The Outlook: Nothing comes easy in the West, and assuming the Avs will improve on a 95-point season is no guarantee. But Edmonton and Minnesota are still going to struggle so there are points to be had. The Avs look to fight for a playoff spot to the bitter end, and anything less than 95 points will leave them short.
The Core: An interesting offseason followed a disastrous 27th-place overall finish one year after reaching the playoffs for the first time. The Jackets replaced the coaching staff – Scott Arniel calls the shots from behind the bench – and did virtually nothing to the roster (claiming Ethan Moreau(notes) off waivers hardly counts). So it’s clearly up to captain Rick Nash(notes) and young goalie Steve Mason(notes) to show the way. On paper, there is talent up front – Kristian Huselius(notes), Antoine Vermette(notes), Nikita Filatov(notes), Derick Brassard(notes) and Jake Voracek join Nash as top-six skaters. But the game is played on ice, not paper. They have to prove they can mesh and win.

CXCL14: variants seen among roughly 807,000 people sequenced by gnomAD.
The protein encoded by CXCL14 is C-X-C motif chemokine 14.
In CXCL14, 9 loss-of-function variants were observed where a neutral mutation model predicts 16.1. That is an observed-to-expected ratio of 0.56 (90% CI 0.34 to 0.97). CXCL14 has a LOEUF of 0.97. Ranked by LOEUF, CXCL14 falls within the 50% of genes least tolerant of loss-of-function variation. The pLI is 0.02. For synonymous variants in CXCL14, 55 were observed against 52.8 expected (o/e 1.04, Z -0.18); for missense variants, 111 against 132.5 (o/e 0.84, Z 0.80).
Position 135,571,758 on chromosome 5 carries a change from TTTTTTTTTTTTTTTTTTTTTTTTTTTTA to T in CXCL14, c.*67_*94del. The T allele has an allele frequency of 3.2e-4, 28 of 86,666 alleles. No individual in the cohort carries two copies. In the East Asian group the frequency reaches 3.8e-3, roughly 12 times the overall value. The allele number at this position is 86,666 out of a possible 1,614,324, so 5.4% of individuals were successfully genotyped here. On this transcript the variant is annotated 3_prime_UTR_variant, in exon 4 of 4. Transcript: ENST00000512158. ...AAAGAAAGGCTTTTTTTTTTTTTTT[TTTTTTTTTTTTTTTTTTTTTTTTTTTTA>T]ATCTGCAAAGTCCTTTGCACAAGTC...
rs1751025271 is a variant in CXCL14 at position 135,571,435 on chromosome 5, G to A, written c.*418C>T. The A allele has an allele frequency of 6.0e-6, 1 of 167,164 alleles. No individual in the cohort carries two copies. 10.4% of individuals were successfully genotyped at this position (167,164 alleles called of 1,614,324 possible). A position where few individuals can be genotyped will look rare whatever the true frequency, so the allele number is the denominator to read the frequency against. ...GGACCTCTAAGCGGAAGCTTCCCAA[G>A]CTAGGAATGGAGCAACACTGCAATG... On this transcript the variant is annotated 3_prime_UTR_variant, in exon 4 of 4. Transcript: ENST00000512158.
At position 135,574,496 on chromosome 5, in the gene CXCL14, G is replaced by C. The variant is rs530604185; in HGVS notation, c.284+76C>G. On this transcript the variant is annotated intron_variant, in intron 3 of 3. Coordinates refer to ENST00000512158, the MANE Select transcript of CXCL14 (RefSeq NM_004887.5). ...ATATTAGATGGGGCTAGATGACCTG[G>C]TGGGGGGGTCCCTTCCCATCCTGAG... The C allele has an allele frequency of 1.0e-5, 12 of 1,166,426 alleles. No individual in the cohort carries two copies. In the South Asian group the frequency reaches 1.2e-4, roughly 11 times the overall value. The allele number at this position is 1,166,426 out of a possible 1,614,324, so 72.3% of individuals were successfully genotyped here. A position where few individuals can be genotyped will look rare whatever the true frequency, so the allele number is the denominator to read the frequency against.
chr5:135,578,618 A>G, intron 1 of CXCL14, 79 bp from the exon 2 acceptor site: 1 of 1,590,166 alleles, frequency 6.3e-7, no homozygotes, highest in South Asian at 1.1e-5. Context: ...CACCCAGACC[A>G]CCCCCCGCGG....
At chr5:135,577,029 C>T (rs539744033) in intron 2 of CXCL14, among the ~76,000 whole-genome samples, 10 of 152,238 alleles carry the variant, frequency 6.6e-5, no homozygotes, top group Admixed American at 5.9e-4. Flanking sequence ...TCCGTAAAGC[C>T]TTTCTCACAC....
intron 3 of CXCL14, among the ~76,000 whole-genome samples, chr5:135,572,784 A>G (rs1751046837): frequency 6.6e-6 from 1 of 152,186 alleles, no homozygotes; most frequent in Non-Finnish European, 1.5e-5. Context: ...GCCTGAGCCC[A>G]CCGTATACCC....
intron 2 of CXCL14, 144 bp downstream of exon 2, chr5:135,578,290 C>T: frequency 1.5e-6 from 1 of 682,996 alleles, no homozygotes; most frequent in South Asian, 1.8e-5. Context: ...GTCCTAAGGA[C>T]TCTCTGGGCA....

The Good, The Bad & The Ugly: There should be concern that the blue line will be challenged to do what Arniel wants – join the rush without losing their defensive posture. It’s not the fastest skating group, and teams that are plodding on the back end often struggle to keep the puck out of their zone. Mason is counting on a strict offseason regiment to drop weight and get in better shape to rediscover the form he displayed while winning the Calder Trophy two years ago.